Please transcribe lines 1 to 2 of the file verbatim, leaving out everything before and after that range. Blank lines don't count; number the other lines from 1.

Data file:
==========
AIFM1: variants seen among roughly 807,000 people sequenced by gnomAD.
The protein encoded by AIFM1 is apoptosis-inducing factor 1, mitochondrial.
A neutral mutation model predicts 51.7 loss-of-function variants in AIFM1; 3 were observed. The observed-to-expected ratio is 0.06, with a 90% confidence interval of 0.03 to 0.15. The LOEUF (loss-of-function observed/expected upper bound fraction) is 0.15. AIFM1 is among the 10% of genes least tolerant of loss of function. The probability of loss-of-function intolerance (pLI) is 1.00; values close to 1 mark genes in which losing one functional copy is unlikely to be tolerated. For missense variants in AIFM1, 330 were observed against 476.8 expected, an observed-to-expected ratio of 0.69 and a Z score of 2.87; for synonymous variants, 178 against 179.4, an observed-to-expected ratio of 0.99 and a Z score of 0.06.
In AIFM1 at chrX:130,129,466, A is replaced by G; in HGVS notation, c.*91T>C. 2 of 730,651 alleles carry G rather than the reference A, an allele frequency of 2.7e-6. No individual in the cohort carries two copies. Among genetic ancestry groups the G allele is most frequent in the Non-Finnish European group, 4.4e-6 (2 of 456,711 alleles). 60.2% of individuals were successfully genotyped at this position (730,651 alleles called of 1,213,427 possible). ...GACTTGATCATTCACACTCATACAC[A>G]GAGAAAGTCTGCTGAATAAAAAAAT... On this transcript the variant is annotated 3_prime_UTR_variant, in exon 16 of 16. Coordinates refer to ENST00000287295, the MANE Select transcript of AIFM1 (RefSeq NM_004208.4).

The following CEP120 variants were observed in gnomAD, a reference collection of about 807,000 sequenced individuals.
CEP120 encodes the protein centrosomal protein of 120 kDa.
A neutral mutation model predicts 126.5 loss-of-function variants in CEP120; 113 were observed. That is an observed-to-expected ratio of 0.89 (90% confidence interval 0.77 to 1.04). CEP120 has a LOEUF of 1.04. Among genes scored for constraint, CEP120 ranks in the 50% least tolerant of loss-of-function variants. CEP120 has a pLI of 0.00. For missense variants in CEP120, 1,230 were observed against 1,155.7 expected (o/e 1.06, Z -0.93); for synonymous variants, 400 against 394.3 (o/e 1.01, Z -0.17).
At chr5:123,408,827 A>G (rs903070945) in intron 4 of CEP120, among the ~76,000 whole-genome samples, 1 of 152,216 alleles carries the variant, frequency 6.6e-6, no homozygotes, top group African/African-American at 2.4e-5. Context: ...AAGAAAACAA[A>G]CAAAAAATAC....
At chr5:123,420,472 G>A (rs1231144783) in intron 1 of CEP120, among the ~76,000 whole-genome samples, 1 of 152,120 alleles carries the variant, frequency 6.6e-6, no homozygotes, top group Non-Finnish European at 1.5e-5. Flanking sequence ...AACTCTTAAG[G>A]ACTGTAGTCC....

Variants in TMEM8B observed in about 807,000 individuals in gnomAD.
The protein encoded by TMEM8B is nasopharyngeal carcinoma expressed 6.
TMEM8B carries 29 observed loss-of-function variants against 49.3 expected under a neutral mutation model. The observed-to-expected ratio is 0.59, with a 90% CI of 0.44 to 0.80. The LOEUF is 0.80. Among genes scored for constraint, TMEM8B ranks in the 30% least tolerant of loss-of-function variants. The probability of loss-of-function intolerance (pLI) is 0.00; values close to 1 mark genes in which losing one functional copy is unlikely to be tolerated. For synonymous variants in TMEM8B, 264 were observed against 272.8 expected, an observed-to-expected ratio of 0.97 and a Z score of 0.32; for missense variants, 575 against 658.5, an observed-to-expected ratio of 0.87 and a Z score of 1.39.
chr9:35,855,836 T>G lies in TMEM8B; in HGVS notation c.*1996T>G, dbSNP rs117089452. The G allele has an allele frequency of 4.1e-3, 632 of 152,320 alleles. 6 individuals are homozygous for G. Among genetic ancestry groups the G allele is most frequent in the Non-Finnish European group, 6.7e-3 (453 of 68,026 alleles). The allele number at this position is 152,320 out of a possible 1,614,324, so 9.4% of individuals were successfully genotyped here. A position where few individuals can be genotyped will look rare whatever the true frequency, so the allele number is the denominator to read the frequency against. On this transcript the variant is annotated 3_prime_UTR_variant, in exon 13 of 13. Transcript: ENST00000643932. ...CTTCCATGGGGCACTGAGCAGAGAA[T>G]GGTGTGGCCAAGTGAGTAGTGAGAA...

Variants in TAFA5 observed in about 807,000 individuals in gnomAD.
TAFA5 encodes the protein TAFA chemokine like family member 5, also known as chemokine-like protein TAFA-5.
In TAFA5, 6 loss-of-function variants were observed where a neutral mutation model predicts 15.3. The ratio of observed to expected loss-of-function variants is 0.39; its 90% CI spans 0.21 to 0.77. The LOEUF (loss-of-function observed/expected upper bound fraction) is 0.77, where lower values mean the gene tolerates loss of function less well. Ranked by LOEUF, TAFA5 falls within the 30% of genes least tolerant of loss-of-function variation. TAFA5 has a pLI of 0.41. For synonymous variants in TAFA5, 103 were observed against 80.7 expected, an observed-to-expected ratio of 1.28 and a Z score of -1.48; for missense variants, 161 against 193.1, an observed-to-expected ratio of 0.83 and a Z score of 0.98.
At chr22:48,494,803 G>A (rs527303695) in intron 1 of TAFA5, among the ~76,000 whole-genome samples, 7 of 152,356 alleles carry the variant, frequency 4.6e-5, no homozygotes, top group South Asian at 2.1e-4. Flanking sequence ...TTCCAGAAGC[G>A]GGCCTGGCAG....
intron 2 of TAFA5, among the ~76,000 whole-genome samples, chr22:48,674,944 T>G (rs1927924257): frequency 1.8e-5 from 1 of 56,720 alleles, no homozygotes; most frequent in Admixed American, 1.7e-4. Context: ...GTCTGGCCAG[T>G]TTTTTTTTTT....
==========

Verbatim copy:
AIFM1: variants seen among roughly 807,000 people sequenced by gnomAD.
The protein encoded by AIFM1 is apoptosis-inducing factor 1, mitochondrial.